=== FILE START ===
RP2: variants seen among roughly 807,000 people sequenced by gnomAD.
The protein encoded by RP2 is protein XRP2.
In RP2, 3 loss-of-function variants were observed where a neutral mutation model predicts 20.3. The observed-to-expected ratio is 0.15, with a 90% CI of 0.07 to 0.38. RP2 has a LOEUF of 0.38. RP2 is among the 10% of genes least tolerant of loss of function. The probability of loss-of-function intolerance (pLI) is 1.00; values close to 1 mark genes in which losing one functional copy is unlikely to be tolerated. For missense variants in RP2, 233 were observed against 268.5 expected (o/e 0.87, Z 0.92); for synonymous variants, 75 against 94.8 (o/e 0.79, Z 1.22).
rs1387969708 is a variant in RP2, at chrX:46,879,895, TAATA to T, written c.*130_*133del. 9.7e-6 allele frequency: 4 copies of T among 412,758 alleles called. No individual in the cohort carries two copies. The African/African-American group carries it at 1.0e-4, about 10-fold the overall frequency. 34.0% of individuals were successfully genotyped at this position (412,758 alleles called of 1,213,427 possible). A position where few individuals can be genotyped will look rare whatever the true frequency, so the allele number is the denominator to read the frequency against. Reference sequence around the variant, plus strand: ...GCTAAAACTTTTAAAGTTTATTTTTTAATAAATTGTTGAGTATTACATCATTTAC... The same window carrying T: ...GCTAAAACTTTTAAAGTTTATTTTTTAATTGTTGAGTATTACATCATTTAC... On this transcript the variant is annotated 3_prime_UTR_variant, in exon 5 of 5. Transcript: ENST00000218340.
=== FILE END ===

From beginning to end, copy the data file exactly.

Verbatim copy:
RP2: variants seen among roughly 807,000 people sequenced by gnomAD.
The protein encoded by RP2 is protein XRP2.
In RP2, 3 loss-of-function variants were observed where a neutral mutation model predicts 20.3. The observed-to-expected ratio is 0.15, with a 90% CI of 0.07 to 0.38. RP2 has a LOEUF of 0.38. RP2 is among the 10% of genes least tolerant of loss of function. The probability of loss-of-function intolerance (pLI) is 1.00; values close to 1 mark genes in which losing one functional copy is unlikely to be tolerated. For missense variants in RP2, 233 were observed against 268.5 expected (o/e 0.87, Z 0.92); for synonymous variants, 75 against 94.8 (o/e 0.79, Z 1.22).
rs1387969708 is a variant in RP2, at chrX:46,879,895, TAATA to T, written c.*130_*133del. 9.7e-6 allele frequency: 4 copies of T among 412,758 alleles called. No individual in the cohort carries two copies. The African/African-American group carries it at 1.0e-4, about 10-fold the overall frequency. 34.0% of individuals were successfully genotyped at this position (412,758 alleles called of 1,213,427 possible). A position where few individuals can be genotyped will look rare whatever the true frequency, so the allele number is the denominator to read the frequency against. Reference sequence around the variant, plus strand: ...GCTAAAACTTTTAAAGTTTATTTTTTAATAAATTGTTGAGTATTACATCATTTAC... The same window carrying T: ...GCTAAAACTTTTAAAGTTTATTTTTTAATTGTTGAGTATTACATCATTTAC... On this transcript the variant is annotated 3_prime_UTR_variant, in exon 5 of 5. Transcript: ENST00000218340.